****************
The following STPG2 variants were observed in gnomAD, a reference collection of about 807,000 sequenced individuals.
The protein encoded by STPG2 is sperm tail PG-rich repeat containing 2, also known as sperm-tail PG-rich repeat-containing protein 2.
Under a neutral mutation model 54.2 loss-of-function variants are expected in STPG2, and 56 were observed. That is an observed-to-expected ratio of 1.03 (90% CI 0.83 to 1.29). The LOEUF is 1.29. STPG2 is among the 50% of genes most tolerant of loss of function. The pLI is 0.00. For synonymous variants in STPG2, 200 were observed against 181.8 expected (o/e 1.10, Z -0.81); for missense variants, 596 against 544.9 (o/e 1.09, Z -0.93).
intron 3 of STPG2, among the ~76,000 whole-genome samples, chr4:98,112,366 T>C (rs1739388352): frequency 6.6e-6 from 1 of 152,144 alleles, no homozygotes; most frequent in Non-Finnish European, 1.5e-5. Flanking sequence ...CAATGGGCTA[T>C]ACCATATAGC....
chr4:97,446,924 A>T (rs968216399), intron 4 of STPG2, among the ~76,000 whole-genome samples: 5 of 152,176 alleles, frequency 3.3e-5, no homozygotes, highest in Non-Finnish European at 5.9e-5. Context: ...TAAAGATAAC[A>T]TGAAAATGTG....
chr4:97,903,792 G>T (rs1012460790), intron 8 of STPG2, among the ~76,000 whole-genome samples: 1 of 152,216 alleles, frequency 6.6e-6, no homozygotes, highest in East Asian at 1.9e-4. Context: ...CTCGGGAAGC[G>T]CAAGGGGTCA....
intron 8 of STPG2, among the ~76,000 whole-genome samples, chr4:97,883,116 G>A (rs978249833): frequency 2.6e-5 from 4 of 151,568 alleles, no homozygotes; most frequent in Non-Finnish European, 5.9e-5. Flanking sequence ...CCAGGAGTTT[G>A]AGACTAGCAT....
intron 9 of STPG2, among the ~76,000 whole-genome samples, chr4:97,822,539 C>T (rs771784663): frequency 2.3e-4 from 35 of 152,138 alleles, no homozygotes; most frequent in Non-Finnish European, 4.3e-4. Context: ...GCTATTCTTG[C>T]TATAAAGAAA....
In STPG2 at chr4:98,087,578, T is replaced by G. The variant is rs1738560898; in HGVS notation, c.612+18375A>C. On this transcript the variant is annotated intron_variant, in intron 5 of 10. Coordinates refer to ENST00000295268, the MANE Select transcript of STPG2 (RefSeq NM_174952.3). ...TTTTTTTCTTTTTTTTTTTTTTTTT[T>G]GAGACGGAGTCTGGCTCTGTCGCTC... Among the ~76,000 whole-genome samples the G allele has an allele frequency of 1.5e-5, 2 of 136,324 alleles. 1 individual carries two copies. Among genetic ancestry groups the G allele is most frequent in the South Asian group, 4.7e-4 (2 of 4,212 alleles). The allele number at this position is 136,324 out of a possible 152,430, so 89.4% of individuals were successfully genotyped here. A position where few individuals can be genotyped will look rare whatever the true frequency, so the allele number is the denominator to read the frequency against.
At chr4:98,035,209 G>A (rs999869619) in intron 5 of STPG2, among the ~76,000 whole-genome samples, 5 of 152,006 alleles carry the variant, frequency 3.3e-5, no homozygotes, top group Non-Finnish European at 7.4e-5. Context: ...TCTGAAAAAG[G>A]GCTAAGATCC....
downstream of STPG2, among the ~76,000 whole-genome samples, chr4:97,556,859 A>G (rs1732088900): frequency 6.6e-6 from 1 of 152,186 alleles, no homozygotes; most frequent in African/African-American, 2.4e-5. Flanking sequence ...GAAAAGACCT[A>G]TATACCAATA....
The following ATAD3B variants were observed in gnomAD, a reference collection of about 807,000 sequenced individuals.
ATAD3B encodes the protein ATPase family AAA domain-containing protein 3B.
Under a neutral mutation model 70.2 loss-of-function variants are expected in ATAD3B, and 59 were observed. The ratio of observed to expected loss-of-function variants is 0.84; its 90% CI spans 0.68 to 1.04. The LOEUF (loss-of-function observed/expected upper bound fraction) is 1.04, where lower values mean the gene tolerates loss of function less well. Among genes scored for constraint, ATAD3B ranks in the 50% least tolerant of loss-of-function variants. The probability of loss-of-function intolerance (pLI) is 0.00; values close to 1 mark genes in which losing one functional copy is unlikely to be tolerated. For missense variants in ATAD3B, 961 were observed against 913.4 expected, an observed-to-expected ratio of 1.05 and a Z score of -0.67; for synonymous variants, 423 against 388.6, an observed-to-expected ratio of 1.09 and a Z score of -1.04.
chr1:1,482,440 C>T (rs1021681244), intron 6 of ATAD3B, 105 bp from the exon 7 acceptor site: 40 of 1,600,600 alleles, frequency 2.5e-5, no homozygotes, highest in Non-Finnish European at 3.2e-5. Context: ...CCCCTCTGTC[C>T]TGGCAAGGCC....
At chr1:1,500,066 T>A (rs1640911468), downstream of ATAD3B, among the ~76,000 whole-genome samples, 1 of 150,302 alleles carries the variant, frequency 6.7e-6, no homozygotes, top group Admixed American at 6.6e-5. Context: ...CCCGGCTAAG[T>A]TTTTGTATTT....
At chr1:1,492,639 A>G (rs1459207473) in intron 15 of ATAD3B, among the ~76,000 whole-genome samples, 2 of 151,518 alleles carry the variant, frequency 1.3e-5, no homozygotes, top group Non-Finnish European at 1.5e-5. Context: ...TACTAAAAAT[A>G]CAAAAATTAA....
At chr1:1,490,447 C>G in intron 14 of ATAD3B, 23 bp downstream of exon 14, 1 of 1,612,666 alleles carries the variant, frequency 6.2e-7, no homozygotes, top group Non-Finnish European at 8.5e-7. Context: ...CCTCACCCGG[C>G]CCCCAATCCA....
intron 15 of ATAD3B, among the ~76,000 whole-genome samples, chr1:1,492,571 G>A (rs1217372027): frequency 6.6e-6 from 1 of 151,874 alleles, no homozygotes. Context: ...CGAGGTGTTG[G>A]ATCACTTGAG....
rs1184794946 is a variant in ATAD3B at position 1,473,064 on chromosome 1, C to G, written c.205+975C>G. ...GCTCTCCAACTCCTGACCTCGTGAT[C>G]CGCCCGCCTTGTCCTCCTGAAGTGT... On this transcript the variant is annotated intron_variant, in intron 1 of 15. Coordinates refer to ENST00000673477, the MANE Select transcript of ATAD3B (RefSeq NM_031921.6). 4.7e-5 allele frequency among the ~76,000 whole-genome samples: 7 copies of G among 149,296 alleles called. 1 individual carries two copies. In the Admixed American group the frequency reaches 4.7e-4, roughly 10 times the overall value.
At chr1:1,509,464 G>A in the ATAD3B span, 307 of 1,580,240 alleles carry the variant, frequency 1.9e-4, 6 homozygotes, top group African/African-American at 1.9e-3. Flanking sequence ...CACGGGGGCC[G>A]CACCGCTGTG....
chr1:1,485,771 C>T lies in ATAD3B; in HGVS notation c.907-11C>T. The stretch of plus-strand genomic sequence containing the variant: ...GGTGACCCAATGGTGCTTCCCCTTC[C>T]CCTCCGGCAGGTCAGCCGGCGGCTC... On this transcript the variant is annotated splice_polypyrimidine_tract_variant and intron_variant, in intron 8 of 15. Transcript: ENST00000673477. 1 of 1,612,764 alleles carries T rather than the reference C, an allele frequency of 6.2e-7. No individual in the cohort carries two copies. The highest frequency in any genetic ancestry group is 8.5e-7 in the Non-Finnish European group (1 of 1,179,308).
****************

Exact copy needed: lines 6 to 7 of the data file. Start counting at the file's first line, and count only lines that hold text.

chr4:97,903,792 G>T (rs1012460790), intron 8 of STPG2, among the ~76,000 whole-genome samples: 1 of 152,216 alleles, frequency 6.6e-6, no homozygotes, highest in East Asian at 1.9e-4. Context: ...CTCGGGAAGC[G>T]CAAGGGGTCA....
intron 8 of STPG2, among the ~76,000 whole-genome samples, chr4:97,883,116 G>A (rs978249833): frequency 2.6e-5 from 4 of 151,568 alleles, no homozygotes; most frequent in Non-Finnish European, 5.9e-5. Flanking sequence ...CCAGGAGTTT[G>A]AGACTAGCAT....